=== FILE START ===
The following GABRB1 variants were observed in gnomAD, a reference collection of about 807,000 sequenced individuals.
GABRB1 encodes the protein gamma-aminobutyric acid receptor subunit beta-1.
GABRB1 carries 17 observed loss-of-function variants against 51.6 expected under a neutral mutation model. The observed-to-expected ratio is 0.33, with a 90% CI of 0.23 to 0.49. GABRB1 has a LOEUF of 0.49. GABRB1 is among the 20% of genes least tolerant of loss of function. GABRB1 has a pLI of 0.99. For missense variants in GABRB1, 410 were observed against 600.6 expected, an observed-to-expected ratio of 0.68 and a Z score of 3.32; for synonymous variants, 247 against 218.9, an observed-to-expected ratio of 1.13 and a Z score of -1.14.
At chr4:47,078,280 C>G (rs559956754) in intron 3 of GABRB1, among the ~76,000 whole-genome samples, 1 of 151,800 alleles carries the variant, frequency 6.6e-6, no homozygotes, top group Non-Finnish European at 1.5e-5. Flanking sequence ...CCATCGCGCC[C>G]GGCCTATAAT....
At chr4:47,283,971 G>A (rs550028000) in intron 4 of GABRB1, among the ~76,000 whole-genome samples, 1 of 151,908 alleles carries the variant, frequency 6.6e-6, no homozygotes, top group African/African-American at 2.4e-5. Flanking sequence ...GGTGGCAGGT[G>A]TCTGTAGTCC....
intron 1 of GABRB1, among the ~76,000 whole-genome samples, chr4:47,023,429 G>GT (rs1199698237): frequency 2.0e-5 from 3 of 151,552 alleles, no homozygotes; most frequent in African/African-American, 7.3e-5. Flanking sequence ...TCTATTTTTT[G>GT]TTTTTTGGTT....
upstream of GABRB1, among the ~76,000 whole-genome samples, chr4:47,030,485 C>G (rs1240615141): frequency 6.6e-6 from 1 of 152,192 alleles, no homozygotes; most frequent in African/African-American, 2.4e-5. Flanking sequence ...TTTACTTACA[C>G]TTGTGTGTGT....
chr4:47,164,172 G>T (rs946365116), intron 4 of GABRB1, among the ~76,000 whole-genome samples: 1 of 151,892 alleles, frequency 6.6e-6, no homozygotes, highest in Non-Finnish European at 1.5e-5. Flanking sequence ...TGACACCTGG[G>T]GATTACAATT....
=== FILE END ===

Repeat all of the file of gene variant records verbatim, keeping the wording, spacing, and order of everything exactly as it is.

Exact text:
The following GABRB1 variants were observed in gnomAD, a reference collection of about 807,000 sequenced individuals.
GABRB1 encodes the protein gamma-aminobutyric acid receptor subunit beta-1.
GABRB1 carries 17 observed loss-of-function variants against 51.6 expected under a neutral mutation model. The observed-to-expected ratio is 0.33, with a 90% CI of 0.23 to 0.49. GABRB1 has a LOEUF of 0.49. GABRB1 is among the 20% of genes least tolerant of loss of function. GABRB1 has a pLI of 0.99. For missense variants in GABRB1, 410 were observed against 600.6 expected, an observed-to-expected ratio of 0.68 and a Z score of 3.32; for synonymous variants, 247 against 218.9, an observed-to-expected ratio of 1.13 and a Z score of -1.14.
At chr4:47,078,280 C>G (rs559956754) in intron 3 of GABRB1, among the ~76,000 whole-genome samples, 1 of 151,800 alleles carries the variant, frequency 6.6e-6, no homozygotes, top group Non-Finnish European at 1.5e-5. Flanking sequence ...CCATCGCGCC[C>G]GGCCTATAAT....
At chr4:47,283,971 G>A (rs550028000) in intron 4 of GABRB1, among the ~76,000 whole-genome samples, 1 of 151,908 alleles carries the variant, frequency 6.6e-6, no homozygotes, top group African/African-American at 2.4e-5. Flanking sequence ...GGTGGCAGGT[G>A]TCTGTAGTCC....
intron 1 of GABRB1, among the ~76,000 whole-genome samples, chr4:47,023,429 G>GT (rs1199698237): frequency 2.0e-5 from 3 of 151,552 alleles, no homozygotes; most frequent in African/African-American, 7.3e-5. Flanking sequence ...TCTATTTTTT[G>GT]TTTTTTGGTT....
upstream of GABRB1, among the ~76,000 whole-genome samples, chr4:47,030,485 C>G (rs1240615141): frequency 6.6e-6 from 1 of 152,192 alleles, no homozygotes; most frequent in African/African-American, 2.4e-5. Flanking sequence ...TTTACTTACA[C>G]TTGTGTGTGT....
chr4:47,164,172 G>T (rs946365116), intron 4 of GABRB1, among the ~76,000 whole-genome samples: 1 of 151,892 alleles, frequency 6.6e-6, no homozygotes, highest in Non-Finnish European at 1.5e-5. Flanking sequence ...TGACACCTGG[G>T]GATTACAATT....